4.1.4. Comparisons
Vallée (1995a) found that two independent methods (Faraday rotation B_{fa} and Equipartition B_{eq}) are converging on similar values of the magnetic field strength. Observations show that B_{eq} agrees with B_{fa} to within the errors involved, and B_{fa} and B_{eq} are derived independently of each other since different Stokes parameters are involved (Stokes Q and U for B_{fa} ; Stokes I for B_{eq}). For the available observational data, he found on average that 1.0 B_{eq} < B_{fa} < 1.2 B_{eq} . This convergent result, by two independent methods, strongly suggests that the real magnetic field B B_{fa} B_{eq}.
Figure 11 shows a plot of the magnetic field values, with B_{eq} on the x-axis, and B_{fa} on the y-axis (open squares) and also B_{cr} on the y-axis (open circles). A dashed line shows the equality B_{eq} = B_{fa} . The cosmic-ray particle B_{cr} appears in some cases to predict magnetic field strengths different than those of the other two methods, since the basic diffusion assumption ("well mixed" cosmic rays, gas, and magnetic fields) may not apply; cosmic-ray electrons from a galactic nucleus can find it difficult to diffuse quickly over a whole galactic disk. The value of B_{cr} = 120µG in Fig. 8 belongs to a part of the galaxy M82, as derived by Chi and Wolfendale (1993).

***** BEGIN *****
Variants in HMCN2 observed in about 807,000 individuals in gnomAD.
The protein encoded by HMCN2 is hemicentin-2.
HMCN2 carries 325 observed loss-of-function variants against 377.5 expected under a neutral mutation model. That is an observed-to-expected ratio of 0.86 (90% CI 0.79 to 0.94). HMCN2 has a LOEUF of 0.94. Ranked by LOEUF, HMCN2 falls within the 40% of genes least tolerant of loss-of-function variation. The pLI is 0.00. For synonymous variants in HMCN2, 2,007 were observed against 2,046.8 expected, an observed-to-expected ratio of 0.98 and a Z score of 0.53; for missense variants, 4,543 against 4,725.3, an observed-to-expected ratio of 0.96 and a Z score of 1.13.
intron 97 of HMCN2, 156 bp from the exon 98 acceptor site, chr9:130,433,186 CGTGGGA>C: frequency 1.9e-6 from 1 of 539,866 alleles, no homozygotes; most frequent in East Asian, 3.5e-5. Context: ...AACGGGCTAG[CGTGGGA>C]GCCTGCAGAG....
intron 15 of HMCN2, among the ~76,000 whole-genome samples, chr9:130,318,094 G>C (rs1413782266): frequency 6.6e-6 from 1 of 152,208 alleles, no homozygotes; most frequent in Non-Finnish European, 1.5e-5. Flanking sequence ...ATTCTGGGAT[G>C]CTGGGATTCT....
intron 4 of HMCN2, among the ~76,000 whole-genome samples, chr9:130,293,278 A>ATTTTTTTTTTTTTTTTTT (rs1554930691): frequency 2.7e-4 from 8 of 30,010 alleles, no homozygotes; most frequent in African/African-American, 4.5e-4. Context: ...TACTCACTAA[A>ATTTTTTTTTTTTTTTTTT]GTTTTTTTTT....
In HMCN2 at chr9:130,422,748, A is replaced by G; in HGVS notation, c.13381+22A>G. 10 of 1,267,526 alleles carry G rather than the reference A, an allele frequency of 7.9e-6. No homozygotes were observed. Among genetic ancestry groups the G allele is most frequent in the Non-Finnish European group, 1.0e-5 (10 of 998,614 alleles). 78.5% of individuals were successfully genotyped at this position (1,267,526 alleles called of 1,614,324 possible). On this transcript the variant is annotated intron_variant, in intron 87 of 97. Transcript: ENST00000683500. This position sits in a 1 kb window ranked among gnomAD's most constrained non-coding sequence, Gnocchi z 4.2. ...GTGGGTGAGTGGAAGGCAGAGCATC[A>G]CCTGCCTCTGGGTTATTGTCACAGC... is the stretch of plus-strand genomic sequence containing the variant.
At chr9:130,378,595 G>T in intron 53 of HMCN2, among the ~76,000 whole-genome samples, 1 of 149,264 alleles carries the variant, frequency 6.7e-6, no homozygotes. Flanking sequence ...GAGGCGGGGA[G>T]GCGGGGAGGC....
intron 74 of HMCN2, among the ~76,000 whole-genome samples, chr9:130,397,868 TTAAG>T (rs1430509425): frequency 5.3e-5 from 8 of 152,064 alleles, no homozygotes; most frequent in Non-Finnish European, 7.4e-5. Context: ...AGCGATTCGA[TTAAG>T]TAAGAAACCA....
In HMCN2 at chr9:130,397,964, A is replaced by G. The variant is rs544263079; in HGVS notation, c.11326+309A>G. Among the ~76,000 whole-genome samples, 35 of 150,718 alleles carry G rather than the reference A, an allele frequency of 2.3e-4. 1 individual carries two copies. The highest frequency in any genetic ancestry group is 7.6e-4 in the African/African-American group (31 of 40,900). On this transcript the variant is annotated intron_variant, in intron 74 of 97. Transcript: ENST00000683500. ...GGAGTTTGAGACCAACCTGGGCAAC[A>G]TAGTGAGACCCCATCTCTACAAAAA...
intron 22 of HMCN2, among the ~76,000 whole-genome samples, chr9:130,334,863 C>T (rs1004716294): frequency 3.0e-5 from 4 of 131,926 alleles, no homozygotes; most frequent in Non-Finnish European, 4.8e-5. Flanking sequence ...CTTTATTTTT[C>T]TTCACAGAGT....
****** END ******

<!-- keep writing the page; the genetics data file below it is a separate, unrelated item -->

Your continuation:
Figure 11. Plot showing the magnetic field values from the equipartition method B_{eq} on x-axis versus that from the Faraday method B_{fa} on y-axis (open squares) and from the cosmic-ray method B_{cr} on y-axis (open circles). A dashed line shows the equality B_{fa} = B_{eq}. The value of B_{cr} = 120 µG for M82 was derived by Chi & Wolfendale (1993). Caution is needed in interpreting the larger Bcr values (open circles), as some inherent assumptions in that method may not be valid. Each symbol (open square or open circle) stands for a different galaxy. See Vallée (1995a) for more details. |